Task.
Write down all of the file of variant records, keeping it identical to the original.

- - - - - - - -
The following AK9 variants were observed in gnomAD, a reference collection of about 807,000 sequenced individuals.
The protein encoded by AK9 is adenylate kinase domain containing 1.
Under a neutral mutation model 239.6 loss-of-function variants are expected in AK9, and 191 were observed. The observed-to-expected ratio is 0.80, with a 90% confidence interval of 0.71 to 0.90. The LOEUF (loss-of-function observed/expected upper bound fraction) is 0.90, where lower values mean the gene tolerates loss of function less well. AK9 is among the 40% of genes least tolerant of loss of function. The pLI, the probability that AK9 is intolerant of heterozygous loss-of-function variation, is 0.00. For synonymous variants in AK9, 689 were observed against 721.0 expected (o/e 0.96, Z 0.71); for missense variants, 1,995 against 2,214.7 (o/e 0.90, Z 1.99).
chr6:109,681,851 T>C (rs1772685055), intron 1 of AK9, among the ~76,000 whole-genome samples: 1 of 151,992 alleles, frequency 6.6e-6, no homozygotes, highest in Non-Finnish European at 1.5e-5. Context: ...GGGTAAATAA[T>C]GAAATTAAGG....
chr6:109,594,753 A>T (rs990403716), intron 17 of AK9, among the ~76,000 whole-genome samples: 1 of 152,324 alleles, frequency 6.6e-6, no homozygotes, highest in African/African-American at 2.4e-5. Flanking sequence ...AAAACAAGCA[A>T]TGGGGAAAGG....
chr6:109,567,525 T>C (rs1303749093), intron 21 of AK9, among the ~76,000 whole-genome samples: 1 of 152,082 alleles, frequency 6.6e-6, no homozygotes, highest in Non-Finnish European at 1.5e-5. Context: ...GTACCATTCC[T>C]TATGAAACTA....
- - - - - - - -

The following AK9 variants were observed in gnomAD, a reference collection of about 807,000 sequenced individuals.
The protein encoded by AK9 is adenylate kinase domain containing 1.
Under a neutral mutation model 239.6 loss-of-function variants are expected in AK9, and 191 were observed. The observed-to-expected ratio is 0.80, with a 90% confidence interval of 0.71 to 0.90. The LOEUF (loss-of-function observed/expected upper bound fraction) is 0.90, where lower values mean the gene tolerates loss of function less well. AK9 is among the 40% of genes least tolerant of loss of function. The pLI, the probability that AK9 is intolerant of heterozygous loss-of-function variation, is 0.00. For synonymous variants in AK9, 689 were observed against 721.0 expected (o/e 0.96, Z 0.71); for missense variants, 1,995 against 2,214.7 (o/e 0.90, Z 1.99).
chr6:109,681,851 T>C (rs1772685055), intron 1 of AK9, among the ~76,000 whole-genome samples: 1 of 151,992 alleles, frequency 6.6e-6, no homozygotes, highest in Non-Finnish European at 1.5e-5. Context: ...GGGTAAATAA[T>C]GAAATTAAGG....
chr6:109,594,753 A>T (rs990403716), intron 17 of AK9, among the ~76,000 whole-genome samples: 1 of 152,324 alleles, frequency 6.6e-6, no homozygotes, highest in African/African-American at 2.4e-5. Flanking sequence ...AAAACAAGCA[A>T]TGGGGAAAGG....
chr6:109,567,525 T>C (rs1303749093), intron 21 of AK9, among the ~76,000 whole-genome samples: 1 of 152,082 alleles, frequency 6.6e-6, no homozygotes, highest in Non-Finnish European at 1.5e-5. Context: ...GTACCATTCC[T>C]TATGAAACTA....